Säumer (rare Saumer , Austrian also Samer ) were people who transported loads on the back of pack animals across the mountains. For centuries they mainly carried salt and wine on mule tracks and over the passes of the Alps . As a mule, one had to own a horse, a mule, a mule or an ox.
The term Säumer (or Saumer etc.) mostly refers to this historical occupation, but the pack animals were also called this way. The word hem , which is no longer in use today, means something like "load".
The trade of the haulmers is known as haulage . The trader worked on his own account on behalf of foreign merchants or customers. Some of the haulers were also organized in haulers' cooperatives .
Separate state laws applied to this transport trade. For example, in the Swiss canton of Uri , pack animals were not allowed to be loaned because, according to the passport regulations, they were the first deposit for the transported goods. In Chur , the tax was precisely regulated in every detail so as not to expose travelers to the blackmail attempts of hauliers.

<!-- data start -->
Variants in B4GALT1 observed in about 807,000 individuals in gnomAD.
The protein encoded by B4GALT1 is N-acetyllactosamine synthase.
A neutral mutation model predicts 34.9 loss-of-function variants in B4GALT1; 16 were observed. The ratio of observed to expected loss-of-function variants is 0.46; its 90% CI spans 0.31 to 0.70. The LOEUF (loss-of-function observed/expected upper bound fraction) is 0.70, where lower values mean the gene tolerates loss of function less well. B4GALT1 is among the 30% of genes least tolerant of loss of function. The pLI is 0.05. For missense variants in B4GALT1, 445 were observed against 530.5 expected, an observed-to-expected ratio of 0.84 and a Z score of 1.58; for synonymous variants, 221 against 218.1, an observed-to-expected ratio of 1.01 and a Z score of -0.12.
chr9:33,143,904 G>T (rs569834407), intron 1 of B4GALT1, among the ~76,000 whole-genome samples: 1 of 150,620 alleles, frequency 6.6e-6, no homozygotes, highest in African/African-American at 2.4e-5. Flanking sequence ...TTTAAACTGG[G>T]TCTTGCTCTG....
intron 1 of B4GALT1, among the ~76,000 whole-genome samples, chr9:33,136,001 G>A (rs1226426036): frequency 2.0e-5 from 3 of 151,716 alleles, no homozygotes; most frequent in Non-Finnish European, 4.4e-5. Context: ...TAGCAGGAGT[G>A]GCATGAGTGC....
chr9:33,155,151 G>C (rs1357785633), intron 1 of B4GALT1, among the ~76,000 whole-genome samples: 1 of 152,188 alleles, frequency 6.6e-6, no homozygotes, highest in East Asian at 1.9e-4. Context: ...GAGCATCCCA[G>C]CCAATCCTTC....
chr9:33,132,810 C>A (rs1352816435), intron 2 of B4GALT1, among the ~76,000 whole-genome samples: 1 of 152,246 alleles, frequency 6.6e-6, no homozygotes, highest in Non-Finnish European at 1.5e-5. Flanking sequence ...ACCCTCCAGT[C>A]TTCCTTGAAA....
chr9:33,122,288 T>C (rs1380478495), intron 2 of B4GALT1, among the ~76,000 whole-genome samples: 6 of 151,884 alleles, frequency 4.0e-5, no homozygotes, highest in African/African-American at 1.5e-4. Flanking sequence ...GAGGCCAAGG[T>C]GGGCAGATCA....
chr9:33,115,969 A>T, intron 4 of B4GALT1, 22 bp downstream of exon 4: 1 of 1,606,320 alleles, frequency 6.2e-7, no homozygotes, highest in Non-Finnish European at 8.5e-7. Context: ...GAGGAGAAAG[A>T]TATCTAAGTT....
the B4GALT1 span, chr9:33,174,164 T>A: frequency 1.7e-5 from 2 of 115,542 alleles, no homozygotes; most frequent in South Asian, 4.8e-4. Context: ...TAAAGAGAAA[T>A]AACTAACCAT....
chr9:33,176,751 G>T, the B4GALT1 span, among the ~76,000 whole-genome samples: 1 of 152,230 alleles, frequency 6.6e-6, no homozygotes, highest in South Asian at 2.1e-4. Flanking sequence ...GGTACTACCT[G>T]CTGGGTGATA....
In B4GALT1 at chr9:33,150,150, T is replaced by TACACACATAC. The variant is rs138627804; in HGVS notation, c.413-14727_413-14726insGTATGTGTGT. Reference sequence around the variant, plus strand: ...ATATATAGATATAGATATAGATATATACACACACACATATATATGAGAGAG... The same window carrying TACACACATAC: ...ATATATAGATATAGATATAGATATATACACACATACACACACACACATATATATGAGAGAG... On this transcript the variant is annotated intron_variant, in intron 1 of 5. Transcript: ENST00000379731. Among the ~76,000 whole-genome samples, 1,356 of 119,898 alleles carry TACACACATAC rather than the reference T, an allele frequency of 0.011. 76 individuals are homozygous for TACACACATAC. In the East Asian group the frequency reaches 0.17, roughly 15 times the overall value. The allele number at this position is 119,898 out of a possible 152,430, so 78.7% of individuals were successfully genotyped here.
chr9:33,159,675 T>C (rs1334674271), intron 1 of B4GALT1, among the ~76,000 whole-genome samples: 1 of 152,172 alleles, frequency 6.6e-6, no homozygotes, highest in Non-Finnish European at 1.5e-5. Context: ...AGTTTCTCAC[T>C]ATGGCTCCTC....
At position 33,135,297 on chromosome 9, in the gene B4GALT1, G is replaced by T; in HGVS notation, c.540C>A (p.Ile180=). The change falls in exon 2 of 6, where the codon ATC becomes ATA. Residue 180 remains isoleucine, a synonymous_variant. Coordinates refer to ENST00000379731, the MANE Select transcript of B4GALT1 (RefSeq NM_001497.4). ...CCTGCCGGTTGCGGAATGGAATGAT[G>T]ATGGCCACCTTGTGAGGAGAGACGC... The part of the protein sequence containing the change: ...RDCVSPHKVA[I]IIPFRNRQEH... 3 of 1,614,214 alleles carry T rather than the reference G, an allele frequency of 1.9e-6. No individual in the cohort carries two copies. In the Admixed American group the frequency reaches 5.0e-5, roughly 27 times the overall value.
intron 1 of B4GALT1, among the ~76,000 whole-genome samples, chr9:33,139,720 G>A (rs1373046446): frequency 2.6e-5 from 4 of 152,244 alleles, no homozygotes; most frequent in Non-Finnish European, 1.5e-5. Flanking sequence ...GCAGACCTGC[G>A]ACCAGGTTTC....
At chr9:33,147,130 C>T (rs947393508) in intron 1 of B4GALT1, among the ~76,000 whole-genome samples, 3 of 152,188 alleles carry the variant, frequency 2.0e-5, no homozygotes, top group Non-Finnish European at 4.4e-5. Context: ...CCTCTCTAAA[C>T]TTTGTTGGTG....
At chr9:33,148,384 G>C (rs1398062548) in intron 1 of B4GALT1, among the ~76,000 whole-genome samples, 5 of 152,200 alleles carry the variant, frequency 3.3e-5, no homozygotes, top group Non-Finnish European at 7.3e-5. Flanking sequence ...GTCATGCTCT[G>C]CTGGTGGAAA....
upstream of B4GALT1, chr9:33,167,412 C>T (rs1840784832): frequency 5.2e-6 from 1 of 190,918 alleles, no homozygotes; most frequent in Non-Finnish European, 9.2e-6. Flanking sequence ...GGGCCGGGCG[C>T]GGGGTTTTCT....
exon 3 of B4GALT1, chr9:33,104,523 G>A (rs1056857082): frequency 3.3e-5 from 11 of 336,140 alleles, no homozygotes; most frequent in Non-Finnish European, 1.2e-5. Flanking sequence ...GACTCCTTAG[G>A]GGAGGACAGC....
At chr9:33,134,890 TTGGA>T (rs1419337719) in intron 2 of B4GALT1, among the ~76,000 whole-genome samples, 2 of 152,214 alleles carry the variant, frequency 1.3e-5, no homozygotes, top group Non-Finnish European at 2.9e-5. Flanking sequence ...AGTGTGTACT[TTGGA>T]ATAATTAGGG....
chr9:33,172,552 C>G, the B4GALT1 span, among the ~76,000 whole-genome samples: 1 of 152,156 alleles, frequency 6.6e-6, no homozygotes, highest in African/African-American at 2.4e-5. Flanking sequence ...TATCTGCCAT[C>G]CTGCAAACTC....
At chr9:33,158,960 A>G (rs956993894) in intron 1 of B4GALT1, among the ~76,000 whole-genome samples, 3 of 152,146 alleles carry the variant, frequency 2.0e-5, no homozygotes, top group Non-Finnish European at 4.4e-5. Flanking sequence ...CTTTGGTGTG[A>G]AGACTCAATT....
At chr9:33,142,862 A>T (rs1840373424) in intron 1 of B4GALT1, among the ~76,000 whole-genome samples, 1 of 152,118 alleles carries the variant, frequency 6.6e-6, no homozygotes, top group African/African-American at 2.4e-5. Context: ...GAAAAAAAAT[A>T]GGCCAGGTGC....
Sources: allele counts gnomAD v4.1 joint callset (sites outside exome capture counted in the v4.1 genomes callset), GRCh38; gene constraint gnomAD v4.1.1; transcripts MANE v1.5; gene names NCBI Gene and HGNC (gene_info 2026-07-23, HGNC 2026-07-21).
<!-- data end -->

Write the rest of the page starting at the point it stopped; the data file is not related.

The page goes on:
The most important goods were salt from north to south and wine from south to north. In addition, silk, velvet, rice, grain, brocade, wool, cheese and oil were traded. The resulting mule trade was an important source of income in the affected Alpine valleys.
As architectural witnesses to this lively commercial activity, there are still a large number of mountain inns, which served as seam stations for changing the pack animals and, in bad weather, as hospices , as well as some monuments (see pictures on the right).
- Hans Stadler: Säumerei. In: Historical Lexicon of Switzerland .
- Column of pack animals at the Devil's Bridge on the Gotthard Pass (copperplate engraving, before 1790) in the Google book search